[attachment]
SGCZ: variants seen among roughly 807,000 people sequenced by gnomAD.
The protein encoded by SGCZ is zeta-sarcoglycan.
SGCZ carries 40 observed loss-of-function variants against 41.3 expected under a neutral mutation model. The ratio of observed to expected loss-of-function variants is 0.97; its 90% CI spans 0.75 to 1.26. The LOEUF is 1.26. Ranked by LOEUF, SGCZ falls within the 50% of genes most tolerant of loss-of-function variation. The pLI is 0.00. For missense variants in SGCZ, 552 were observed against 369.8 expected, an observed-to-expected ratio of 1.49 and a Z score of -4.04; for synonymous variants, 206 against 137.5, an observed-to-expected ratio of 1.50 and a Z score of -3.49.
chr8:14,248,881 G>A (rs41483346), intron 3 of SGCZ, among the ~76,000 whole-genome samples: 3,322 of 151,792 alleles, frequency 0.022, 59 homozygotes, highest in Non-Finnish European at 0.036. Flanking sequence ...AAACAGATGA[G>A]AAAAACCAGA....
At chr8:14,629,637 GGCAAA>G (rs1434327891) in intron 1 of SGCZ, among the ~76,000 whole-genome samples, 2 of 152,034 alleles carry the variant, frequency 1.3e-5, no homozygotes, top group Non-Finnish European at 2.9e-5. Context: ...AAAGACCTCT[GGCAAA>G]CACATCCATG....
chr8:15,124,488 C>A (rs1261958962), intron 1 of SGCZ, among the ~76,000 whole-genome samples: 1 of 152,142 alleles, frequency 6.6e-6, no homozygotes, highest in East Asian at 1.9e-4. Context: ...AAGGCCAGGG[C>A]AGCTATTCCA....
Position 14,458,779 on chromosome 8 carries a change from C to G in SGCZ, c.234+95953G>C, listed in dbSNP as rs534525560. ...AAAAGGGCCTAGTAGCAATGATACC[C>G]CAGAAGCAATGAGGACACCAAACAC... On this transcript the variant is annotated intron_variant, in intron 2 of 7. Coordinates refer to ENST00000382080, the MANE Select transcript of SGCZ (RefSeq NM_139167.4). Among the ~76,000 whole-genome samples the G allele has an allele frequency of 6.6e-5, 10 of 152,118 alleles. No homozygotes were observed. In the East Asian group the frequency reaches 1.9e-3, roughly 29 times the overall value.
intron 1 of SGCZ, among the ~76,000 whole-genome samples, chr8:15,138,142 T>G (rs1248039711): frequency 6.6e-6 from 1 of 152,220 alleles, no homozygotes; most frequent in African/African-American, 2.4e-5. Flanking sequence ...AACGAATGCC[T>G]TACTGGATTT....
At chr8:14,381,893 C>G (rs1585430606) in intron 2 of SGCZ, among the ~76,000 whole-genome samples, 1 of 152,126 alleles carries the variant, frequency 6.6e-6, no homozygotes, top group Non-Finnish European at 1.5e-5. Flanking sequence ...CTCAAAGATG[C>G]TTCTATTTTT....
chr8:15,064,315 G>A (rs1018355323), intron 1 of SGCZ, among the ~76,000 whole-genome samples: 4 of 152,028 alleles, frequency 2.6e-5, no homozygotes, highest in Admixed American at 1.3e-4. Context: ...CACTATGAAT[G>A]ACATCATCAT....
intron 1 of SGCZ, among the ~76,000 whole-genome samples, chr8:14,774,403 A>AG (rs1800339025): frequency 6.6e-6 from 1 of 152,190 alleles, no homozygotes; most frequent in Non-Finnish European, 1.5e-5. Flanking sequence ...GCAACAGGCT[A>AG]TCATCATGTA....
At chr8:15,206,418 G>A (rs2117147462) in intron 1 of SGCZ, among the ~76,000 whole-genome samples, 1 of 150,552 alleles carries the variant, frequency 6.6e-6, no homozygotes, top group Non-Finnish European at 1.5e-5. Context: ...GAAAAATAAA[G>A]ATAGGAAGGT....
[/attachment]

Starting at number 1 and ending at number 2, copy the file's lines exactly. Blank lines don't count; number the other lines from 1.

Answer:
SGCZ: variants seen among roughly 807,000 people sequenced by gnomAD.
The protein encoded by SGCZ is zeta-sarcoglycan.